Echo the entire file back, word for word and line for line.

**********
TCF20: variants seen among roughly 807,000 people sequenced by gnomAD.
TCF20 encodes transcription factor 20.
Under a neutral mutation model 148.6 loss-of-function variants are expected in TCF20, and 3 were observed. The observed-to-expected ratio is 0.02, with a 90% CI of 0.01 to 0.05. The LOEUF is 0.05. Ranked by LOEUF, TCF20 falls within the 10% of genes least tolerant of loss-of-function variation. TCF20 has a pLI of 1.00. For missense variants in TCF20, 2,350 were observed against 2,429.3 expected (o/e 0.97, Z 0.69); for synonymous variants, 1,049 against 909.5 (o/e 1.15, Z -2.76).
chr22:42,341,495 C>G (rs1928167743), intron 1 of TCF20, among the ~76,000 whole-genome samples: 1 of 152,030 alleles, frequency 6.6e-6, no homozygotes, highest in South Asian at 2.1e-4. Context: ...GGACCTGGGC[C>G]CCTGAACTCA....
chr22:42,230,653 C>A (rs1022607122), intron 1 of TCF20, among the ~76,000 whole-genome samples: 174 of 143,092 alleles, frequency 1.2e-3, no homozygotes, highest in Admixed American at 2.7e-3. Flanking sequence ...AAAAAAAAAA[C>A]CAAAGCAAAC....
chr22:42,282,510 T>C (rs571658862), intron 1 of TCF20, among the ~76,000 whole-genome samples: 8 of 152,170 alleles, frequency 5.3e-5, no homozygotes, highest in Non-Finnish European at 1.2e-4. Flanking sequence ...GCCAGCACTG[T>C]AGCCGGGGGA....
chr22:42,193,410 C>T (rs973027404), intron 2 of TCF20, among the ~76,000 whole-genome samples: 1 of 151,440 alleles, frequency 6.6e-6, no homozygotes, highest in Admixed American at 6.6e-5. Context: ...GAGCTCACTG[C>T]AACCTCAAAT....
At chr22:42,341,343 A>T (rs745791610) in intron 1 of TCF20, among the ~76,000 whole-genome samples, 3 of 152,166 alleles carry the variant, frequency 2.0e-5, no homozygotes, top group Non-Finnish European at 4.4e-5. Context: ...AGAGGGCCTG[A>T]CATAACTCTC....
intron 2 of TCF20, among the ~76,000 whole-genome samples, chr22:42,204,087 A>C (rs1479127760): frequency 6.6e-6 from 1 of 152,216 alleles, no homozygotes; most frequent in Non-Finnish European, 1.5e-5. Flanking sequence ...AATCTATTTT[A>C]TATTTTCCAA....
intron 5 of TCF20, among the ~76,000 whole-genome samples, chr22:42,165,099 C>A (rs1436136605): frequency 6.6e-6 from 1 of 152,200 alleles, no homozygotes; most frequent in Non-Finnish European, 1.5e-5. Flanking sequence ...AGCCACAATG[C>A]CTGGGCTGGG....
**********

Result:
TCF20: variants seen among roughly 807,000 people sequenced by gnomAD.
TCF20 encodes transcription factor 20.
Under a neutral mutation model 148.6 loss-of-function variants are expected in TCF20, and 3 were observed. The observed-to-expected ratio is 0.02, with a 90% CI of 0.01 to 0.05. The LOEUF is 0.05. Ranked by LOEUF, TCF20 falls within the 10% of genes least tolerant of loss-of-function variation. TCF20 has a pLI of 1.00. For missense variants in TCF20, 2,350 were observed against 2,429.3 expected (o/e 0.97, Z 0.69); for synonymous variants, 1,049 against 909.5 (o/e 1.15, Z -2.76).
chr22:42,341,495 C>G (rs1928167743), intron 1 of TCF20, among the ~76,000 whole-genome samples: 1 of 152,030 alleles, frequency 6.6e-6, no homozygotes, highest in South Asian at 2.1e-4. Context: ...GGACCTGGGC[C>G]CCTGAACTCA....
chr22:42,230,653 C>A (rs1022607122), intron 1 of TCF20, among the ~76,000 whole-genome samples: 174 of 143,092 alleles, frequency 1.2e-3, no homozygotes, highest in Admixed American at 2.7e-3. Flanking sequence ...AAAAAAAAAA[C>A]CAAAGCAAAC....
chr22:42,282,510 T>C (rs571658862), intron 1 of TCF20, among the ~76,000 whole-genome samples: 8 of 152,170 alleles, frequency 5.3e-5, no homozygotes, highest in Non-Finnish European at 1.2e-4. Flanking sequence ...GCCAGCACTG[T>C]AGCCGGGGGA....
chr22:42,193,410 C>T (rs973027404), intron 2 of TCF20, among the ~76,000 whole-genome samples: 1 of 151,440 alleles, frequency 6.6e-6, no homozygotes, highest in Admixed American at 6.6e-5. Context: ...GAGCTCACTG[C>T]AACCTCAAAT....
At chr22:42,341,343 A>T (rs745791610) in intron 1 of TCF20, among the ~76,000 whole-genome samples, 3 of 152,166 alleles carry the variant, frequency 2.0e-5, no homozygotes, top group Non-Finnish European at 4.4e-5. Context: ...AGAGGGCCTG[A>T]CATAACTCTC....
intron 2 of TCF20, among the ~76,000 whole-genome samples, chr22:42,204,087 A>C (rs1479127760): frequency 6.6e-6 from 1 of 152,216 alleles, no homozygotes; most frequent in Non-Finnish European, 1.5e-5. Flanking sequence ...AATCTATTTT[A>C]TATTTTCCAA....
intron 5 of TCF20, among the ~76,000 whole-genome samples, chr22:42,165,099 C>A (rs1436136605): frequency 6.6e-6 from 1 of 152,200 alleles, no homozygotes; most frequent in Non-Finnish European, 1.5e-5. Flanking sequence ...AGCCACAATG[C>A]CTGGGCTGGG....